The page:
When police use selective targeting of certain drivers during a traffic stop, they can be violating a person's constitutional freedoms. Sometimes police are so focused on making arrests that they do so without probable cause, or they try to get away with racial profiling.
Police officers often rely on checkpoints to identify drivers who are drunk, speeding or driving without a valid license. While these resources are intended to protect other drivers on the road, they are being used to unfairly target drivers in specific demographics according to complaints. Reacting to these criticisms, police officers in Winston-Salem recently announced that they would make some changes to their checkpoint policies.
For many people, this Labor Weekend will be the last chance to get out and relax before school gets into full swing and summer officially comes to a close. While most of us try to enjoy our holiday, police officers across North Carolina will be hard at work increasing their efforts to ticket drivers for various traffic violations.
Police officers across North Carolina understand how traffic laws work. In many situations, officers will stack charges against a driver in the hope that he or she will plead guilty to at least one of the charges. What starts as a ticket for not wearing a seatbelt can quickly turn into several traffic violations that can seriously affect a person's driving record.
Drivers are not always aware that they may be driving faster than they should be on North Carolina roads. In some cases, drivers know they are speeding, but they feel justified if there is an emergency. In either case, chances are that we have all sped at least once. Police commonly pull over a driver for speeding because they hope this traffic stop will result in even more charges.
These days, drivers know how easy it is to quickly check an email or text while driving. Even though using a cellphone to text or email while driving in North Carolina is banned, many people continue to do it. This is particularly true when it comes to teenage drivers. A recent study observed teen drivers in North Carolina, and they found that teens engage in texting and driving significantly more than they did two years ago.
In many cases when a person ends up facing drug charges or license revocation, the charges are a result of an otherwise routine traffic stop. When an officer pulls someone over for speeding or texting while driving, it can progress into a search of a car which can uncover a small amount of drugs, which then leads to criminal charges. Because of seriousness of these elevated charges, scrutinizing the legalities and fairness of a traffic stop and any subsequent search is important.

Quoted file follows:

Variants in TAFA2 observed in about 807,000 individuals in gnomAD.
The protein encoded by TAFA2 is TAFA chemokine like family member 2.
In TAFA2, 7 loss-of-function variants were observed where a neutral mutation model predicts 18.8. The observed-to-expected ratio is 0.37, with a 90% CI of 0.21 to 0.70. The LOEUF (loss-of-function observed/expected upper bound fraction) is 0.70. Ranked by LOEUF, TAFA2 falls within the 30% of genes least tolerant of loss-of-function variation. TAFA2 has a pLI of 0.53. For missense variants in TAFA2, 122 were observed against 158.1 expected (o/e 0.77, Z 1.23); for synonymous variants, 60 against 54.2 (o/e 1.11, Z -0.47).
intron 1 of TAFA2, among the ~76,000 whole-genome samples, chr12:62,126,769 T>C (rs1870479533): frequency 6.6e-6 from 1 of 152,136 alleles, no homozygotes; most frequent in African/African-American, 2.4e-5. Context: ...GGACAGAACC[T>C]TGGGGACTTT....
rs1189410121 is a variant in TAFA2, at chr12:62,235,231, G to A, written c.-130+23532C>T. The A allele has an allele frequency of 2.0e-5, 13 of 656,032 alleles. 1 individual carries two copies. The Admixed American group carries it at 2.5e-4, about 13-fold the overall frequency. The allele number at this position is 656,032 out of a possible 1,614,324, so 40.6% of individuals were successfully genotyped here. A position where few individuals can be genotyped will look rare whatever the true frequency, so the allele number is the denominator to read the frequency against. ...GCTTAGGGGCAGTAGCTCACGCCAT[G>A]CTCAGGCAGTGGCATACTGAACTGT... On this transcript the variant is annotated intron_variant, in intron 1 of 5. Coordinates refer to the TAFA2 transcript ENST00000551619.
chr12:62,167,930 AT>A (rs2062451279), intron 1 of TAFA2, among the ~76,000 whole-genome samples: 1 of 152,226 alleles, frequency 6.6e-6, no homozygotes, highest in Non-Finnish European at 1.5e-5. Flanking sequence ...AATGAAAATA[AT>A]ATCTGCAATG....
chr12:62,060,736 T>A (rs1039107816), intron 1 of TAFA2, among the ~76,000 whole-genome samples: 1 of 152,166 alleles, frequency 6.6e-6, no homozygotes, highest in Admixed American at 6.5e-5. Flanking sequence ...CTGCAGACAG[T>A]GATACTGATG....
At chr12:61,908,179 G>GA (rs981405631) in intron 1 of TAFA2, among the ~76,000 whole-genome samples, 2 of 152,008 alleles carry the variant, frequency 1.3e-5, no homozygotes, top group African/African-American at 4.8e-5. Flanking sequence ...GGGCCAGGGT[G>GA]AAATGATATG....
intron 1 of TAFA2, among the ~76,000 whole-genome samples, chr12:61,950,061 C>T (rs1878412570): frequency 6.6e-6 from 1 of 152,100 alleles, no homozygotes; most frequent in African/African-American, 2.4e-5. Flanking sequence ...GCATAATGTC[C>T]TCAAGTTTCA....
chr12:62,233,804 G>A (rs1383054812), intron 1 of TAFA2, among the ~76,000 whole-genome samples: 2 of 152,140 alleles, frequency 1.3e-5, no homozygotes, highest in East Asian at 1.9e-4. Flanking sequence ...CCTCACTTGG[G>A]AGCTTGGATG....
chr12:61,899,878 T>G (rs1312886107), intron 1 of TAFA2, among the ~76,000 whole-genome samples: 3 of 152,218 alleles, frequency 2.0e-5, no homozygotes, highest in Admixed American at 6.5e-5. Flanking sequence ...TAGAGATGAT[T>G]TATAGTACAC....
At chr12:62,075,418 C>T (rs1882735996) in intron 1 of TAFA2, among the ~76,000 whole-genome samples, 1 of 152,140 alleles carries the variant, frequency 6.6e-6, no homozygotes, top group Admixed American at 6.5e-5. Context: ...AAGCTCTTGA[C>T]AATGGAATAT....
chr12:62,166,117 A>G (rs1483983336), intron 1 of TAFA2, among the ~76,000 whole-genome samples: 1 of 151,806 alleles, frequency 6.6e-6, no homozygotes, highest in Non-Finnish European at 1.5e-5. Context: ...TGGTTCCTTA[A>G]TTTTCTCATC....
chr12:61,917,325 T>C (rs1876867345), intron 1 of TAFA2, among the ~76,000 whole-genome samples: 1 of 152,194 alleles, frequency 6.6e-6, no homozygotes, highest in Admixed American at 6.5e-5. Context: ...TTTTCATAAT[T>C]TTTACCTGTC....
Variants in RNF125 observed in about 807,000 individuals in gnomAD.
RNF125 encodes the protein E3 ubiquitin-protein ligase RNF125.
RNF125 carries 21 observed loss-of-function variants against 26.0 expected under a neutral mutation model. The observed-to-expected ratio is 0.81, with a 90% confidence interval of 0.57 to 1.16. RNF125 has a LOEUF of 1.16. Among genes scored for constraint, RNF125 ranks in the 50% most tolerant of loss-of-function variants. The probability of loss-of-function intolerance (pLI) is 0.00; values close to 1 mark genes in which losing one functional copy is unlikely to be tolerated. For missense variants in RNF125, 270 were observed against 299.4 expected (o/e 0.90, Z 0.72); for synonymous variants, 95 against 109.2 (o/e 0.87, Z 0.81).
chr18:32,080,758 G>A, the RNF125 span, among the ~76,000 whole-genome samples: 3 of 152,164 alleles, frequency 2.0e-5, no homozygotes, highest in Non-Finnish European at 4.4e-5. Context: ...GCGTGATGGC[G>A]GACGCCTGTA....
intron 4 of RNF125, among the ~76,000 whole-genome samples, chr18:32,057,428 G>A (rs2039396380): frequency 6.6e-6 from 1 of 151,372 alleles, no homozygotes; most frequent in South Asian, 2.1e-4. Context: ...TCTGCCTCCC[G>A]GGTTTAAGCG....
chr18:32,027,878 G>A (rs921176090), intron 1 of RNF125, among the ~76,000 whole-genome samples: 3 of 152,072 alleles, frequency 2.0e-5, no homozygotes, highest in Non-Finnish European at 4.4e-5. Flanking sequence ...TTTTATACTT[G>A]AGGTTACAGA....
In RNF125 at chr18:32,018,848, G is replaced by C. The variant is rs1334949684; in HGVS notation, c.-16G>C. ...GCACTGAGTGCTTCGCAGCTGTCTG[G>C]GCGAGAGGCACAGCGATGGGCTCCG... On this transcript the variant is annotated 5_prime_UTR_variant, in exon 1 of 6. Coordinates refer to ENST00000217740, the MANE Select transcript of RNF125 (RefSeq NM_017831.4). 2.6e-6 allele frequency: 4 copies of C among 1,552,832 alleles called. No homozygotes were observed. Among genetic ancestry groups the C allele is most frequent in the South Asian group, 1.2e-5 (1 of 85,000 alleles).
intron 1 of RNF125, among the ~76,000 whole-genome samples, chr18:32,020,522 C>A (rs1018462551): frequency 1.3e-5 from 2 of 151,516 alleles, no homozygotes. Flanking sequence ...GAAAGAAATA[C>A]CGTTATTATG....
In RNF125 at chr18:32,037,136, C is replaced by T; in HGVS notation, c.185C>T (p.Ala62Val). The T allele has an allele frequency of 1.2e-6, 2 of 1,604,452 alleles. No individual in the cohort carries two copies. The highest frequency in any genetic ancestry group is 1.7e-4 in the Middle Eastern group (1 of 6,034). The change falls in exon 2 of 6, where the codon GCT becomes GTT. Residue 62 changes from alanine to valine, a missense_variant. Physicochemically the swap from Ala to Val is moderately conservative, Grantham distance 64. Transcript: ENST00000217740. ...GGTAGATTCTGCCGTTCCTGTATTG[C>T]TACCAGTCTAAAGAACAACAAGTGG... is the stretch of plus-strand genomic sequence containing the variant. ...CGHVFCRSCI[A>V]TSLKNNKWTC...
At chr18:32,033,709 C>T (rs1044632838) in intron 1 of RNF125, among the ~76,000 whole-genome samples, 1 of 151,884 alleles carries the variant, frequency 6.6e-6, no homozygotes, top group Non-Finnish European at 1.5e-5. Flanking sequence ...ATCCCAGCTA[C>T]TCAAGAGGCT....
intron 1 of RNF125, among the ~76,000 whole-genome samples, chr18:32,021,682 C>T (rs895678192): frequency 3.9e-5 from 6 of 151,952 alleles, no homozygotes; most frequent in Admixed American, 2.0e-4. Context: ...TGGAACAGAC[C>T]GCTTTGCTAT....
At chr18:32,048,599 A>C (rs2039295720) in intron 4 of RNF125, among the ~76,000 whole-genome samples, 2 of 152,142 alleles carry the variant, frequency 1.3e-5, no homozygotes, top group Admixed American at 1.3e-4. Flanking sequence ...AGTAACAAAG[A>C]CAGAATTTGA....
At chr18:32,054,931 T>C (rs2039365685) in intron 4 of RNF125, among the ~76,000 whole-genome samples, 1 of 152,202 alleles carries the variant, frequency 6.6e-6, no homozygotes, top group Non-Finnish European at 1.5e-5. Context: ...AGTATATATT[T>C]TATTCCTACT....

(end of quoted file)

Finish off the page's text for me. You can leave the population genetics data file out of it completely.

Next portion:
Young, new drivers are among the most vulnerable people on the road. With limited driving experience and a sense of invincibility, teen drivers often do not realize the dangers of certain behaviors behind the wheel. Additionally, a novice driver may be particularly susceptible to peer pressure and distraction. Often, young drivers will engage in behaviors they know are wrong because they want to look cool or they feel as though they can get away with it.
The 100 days following Memorial Day are commonly referred to as the most dangerous for teenage drivers in North Carolina. School is out, there are parties all summer, and teens are heading to and from summer jobs. The excitement and freedom of being on summer vacation is something everyone can relate to. Unfortunately, it also means that young drivers may be getting into more trouble for reckless driving and other traffic violations.
At the very least, getting pulled over and ticketed for speeding or texting while driving can be quite irritating. At the most, however, it can also increase insurance premiums and may affect a person's driving privileges. In situations when a person who is ticketed is not planning on staying in a North Carolina jurisdiction for long, he or she may wrongly believe that they can ignore the traffic ticket or citation and nothing will happen.